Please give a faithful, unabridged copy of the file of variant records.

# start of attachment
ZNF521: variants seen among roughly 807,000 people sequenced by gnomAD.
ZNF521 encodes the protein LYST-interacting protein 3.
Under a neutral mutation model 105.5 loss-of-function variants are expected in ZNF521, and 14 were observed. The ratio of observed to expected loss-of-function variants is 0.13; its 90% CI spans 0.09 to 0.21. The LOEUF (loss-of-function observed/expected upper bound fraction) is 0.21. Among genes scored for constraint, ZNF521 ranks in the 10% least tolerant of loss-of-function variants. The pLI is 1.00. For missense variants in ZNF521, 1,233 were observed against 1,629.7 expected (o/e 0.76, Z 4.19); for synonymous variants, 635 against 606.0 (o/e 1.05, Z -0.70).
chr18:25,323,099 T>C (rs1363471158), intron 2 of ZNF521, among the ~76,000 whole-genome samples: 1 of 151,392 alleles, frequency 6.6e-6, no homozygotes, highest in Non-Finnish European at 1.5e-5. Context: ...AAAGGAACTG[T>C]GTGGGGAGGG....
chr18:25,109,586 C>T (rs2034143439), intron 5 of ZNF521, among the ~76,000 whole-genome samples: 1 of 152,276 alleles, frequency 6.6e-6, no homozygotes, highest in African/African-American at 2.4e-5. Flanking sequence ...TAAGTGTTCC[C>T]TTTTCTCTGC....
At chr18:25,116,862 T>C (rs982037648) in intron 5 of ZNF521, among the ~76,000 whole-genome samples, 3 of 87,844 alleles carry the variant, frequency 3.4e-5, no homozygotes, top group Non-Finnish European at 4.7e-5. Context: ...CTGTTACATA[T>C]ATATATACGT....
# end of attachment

ZNF521: variants seen among roughly 807,000 people sequenced by gnomAD.
ZNF521 encodes the protein LYST-interacting protein 3.
Under a neutral mutation model 105.5 loss-of-function variants are expected in ZNF521, and 14 were observed. The ratio of observed to expected loss-of-function variants is 0.13; its 90% CI spans 0.09 to 0.21. The LOEUF (loss-of-function observed/expected upper bound fraction) is 0.21. Among genes scored for constraint, ZNF521 ranks in the 10% least tolerant of loss-of-function variants. The pLI is 1.00. For missense variants in ZNF521, 1,233 were observed against 1,629.7 expected (o/e 0.76, Z 4.19); for synonymous variants, 635 against 606.0 (o/e 1.05, Z -0.70).
chr18:25,323,099 T>C (rs1363471158), intron 2 of ZNF521, among the ~76,000 whole-genome samples: 1 of 151,392 alleles, frequency 6.6e-6, no homozygotes, highest in Non-Finnish European at 1.5e-5. Context: ...AAAGGAACTG[T>C]GTGGGGAGGG....
chr18:25,109,586 C>T (rs2034143439), intron 5 of ZNF521, among the ~76,000 whole-genome samples: 1 of 152,276 alleles, frequency 6.6e-6, no homozygotes, highest in African/African-American at 2.4e-5. Flanking sequence ...TAAGTGTTCC[C>T]TTTTCTCTGC....
At chr18:25,116,862 T>C (rs982037648) in intron 5 of ZNF521, among the ~76,000 whole-genome samples, 3 of 87,844 alleles carry the variant, frequency 3.4e-5, no homozygotes, top group Non-Finnish European at 4.7e-5. Context: ...CTGTTACATA[T>C]ATATATACGT....